[n]obody has ever seen a corporation. What right have we to believe in corporationsif we don't believe in angels? To be sure, some of us have seen corporate funds,corporate transactions, etc. . . . But this does not give us the right to hypostatize, tothingify, the corporation, and to assume that it travels about from State to State asmortal men travel. Surely we are qualifying as inmates of . . . [the] heaven of legalconcepts when we approach a legal problem in these essentially supernatural terms.8

    Deciding cases by reifying the abstract concept of the corporation is a classic example of

    transcendental nonsense.

    Cohen warned us against settling controversial legal questions on the basis of

    transcendental nonsense 75 years ago. In this article, I will argue that his warning is not only still

    timely, but is equally applicable to moral controversiesspecifically, to the question of whether

    corporations can and should be held morally responsible for the actions of their agents. In Parts II

    & III, I review the philosophical literature on this question and suggest that it shares many

    features of the transcendental decision-making that Cohen decried. In Part IV, I apply a more

    practically-oriented method of analysis to the questionwhat Cohen might call the functional

    approachand suggest that attributing moral responsibility to corporations as collective entities is

    either without practical significance or ethically pernicious. In Part V, I conclude.


    Id. at 811.8


  • II. Philosophical Treatment of the Moral Responsibility of Corporations

    How do philosophers attempt to determine whether it makes sense to ascribe moral

    responsibility to corporations? Most begin by asking straightforwardly whether a corporation is

    the type of thing that can bear moral responsibility. This question launches a quest to compile a9

    list of the characteristics something must possess to be a moral agent. Once the list has been

    populated, the nature of the corporation is examined to determine whether corporations possess

    each of the necessary characteristics. If they do, philosophers conclude that corporations are

    subject to moral blame (or praise) for their actions; if they do not, the contrary conclusion is10


    The seminal work in this regard is Peter Frenchs The Corporation as a Moral Person.12

    See, e.g., David Copp, Collective Actions and Secondary Actions, 16 AM. PHIL. Q. 1779

    (1979); Peter French, The Corporation as a Moral Person, 16 AM. PHIL. Q. 207 (1979); VirginiaHeld, Can a Random Collective of Individuals be Morally Responsible?, 67 J. PHIL. 471 (1970);David T. Ozar, The Moral Responsibility of Corporations, in ETHICAL ISSUES IN BUSINESS 294(Thomas Donaldson & Patricia H. Werhane eds., 1979); PATRICIA H. WERHANE, PERSONS,RIGHTS, AND CORPORATIONS ch.2 (1985); John Ladd, Morality and the Ideal of Rationality inFormal Organizations, 54 MONIST 488 (1970); THOMAS DONALDSON, CORPORATIONS ANDMORALITY ch.2 (1982); Michael J. Phillips, Corporate Moral Personhood and Three Conceptionsof the Corporation, 2 Bus. Ethics Q. 435, 453 (1992); Kenneth E. Goodpaster & John B.Mathews, Jr, Can a Corporation Have a Conscience? 60 HARV. BUS. REV. 132 (1982); MichaelKeely, Organizations as Non-persons, 15 J. VALUE INQUIRY 149 (1979); Larry May, VicariousAgency and Corporate Responsibility, 43 PHIL. STUDIES 69 (1983); Manuel Velasquez,Debunking Corporate Moral Responsibility, 13 BUS. ETHICS Q. 531 (2003); Philip Petit,Responsibility Incorporated, 117 ETHICS 171 (2007).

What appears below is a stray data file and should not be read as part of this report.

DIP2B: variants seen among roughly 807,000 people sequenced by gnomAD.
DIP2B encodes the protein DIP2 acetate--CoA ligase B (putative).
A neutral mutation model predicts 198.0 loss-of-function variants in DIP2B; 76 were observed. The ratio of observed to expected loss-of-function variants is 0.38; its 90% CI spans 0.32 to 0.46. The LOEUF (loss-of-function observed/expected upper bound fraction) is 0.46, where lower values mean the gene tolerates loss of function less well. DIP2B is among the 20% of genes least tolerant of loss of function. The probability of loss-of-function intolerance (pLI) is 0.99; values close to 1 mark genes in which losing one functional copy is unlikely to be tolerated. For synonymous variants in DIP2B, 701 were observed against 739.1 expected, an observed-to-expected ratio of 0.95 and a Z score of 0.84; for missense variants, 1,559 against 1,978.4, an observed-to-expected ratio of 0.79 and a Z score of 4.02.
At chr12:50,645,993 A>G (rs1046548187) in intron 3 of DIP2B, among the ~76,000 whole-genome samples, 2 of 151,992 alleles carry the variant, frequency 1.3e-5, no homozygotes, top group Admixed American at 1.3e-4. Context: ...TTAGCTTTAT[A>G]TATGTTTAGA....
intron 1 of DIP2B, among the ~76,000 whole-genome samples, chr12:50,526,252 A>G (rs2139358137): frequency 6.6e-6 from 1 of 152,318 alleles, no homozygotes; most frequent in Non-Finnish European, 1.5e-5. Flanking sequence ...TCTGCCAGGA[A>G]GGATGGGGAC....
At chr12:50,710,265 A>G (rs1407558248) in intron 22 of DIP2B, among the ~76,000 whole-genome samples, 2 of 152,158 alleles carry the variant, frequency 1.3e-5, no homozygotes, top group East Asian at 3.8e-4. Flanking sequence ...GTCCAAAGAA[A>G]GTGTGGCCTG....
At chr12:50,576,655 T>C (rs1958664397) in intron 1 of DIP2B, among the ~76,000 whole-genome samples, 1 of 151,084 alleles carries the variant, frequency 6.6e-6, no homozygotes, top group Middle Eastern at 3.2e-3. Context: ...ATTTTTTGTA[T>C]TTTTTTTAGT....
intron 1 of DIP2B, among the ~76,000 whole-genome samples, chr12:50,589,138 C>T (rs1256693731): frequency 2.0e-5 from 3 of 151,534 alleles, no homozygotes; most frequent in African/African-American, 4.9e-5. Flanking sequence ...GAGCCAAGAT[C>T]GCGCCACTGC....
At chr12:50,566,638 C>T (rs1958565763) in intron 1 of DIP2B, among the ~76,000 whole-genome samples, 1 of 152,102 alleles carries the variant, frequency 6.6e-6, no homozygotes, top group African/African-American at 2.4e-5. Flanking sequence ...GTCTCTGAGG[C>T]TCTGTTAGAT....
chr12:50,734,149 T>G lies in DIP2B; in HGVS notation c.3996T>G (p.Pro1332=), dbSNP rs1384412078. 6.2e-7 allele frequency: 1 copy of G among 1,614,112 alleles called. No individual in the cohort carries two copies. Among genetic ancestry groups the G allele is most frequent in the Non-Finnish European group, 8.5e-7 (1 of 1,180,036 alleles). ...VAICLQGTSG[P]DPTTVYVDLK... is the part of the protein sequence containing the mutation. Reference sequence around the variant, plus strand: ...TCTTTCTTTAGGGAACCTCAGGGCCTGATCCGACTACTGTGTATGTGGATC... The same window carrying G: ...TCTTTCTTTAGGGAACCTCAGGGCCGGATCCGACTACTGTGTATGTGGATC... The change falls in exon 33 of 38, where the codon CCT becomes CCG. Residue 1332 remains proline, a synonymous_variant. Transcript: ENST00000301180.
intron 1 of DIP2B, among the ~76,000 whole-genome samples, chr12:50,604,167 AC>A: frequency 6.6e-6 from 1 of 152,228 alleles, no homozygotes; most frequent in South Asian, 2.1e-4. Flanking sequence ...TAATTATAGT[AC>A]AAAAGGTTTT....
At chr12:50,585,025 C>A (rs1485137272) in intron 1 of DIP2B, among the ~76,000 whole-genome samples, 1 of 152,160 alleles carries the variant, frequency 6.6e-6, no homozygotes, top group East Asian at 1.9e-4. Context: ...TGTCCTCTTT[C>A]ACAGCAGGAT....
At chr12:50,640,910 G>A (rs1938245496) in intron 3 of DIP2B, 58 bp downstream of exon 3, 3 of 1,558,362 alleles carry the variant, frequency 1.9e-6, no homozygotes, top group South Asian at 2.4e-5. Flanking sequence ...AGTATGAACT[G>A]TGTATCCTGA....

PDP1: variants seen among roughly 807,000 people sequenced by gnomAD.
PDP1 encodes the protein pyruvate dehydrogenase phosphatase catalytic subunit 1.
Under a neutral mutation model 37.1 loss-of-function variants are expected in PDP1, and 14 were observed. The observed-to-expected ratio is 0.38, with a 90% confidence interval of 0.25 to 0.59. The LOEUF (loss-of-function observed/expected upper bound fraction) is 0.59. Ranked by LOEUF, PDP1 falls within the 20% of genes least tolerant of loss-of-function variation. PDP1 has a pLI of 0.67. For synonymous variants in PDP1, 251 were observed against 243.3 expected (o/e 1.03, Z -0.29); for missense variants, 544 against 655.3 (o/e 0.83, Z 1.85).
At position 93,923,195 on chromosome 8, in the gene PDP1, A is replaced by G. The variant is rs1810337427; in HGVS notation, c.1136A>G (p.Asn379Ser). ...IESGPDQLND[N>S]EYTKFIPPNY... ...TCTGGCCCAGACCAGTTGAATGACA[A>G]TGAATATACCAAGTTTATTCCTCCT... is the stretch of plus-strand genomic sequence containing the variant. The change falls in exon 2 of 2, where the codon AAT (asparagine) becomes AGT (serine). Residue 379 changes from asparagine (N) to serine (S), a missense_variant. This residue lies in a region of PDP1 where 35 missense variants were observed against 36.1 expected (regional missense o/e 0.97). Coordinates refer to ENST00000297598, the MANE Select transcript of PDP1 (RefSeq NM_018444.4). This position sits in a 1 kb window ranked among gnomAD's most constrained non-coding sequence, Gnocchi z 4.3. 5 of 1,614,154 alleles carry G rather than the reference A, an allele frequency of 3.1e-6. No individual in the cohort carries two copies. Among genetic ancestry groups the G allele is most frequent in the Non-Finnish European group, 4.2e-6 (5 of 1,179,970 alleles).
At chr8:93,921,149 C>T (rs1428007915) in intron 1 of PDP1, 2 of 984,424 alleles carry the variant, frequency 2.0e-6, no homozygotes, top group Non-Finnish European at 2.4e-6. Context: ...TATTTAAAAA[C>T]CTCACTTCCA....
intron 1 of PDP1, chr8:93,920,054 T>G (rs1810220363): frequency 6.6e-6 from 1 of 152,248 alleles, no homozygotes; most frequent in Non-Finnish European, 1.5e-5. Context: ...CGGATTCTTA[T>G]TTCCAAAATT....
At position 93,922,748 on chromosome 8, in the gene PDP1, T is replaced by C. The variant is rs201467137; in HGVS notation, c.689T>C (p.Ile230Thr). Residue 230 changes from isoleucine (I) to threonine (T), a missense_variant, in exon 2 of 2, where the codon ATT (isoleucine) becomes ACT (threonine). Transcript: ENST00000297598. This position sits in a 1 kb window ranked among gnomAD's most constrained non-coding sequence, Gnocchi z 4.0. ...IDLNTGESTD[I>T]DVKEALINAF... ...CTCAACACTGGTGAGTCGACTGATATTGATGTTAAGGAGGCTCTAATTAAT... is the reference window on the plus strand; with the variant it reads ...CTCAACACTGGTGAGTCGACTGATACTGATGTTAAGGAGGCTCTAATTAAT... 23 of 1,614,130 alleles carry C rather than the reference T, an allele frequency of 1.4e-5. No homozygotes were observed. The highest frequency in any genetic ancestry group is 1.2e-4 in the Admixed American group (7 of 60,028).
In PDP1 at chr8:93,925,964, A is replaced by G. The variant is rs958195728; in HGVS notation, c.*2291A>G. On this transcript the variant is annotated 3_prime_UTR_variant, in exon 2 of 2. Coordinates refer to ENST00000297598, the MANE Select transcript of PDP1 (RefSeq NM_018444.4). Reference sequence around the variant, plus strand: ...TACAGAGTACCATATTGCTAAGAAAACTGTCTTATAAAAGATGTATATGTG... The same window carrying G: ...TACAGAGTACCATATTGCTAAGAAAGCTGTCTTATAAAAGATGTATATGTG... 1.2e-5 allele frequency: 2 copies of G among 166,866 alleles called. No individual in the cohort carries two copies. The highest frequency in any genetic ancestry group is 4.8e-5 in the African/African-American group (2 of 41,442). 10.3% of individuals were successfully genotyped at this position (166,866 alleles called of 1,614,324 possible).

See, e.g., French, supra note 9; Ozar, supra note 9; Werhane, supra note 9; Donaldson10

    supra note 9; Phillips, supra note 9; Goodpaster & Mathews, supra note 9; Petit supra note 9.

    See, e.g., Ladd, supra note 9; Keely, supra note 9; May supra note 9; Velasquez, supra11

    note 9.

    French, supra note 9.12


  • There, French identified two necessary conditions for moral responsibility: 1) causationthat a

    potential subject of moral responsibility be capable of acting so as to be the cause of an eventand

    2) intentionalitythat the action in question was intended by the subject or that the event was the

    direct result of an intentional act of the subject. French proceeded to argue that because all13

    corporations have institutional decision-making procedureswhat he labels corporate internal

    decision (CID) structures corporations can both cause events and act intentionally. These CID14

    structures accomplish[] a subordination and synthesis of the intentions and acts of various

    biological persons into a corporate decision. Thus, [a] functioning CID Structure incorporates15

    acts of biological persons. When a corporation takes an action pursuant to its CID structure, it16

    is proper to describe it as having been done for corporate reasons, as having been caused by a

    corporate desire coupled with a corporate belief and so, in other words, as corporate

    intentional. For French, this was sufficient to show not only that corporations are proper17

    subjects of moral responsibility, but that they are full-fledged moral persons and hav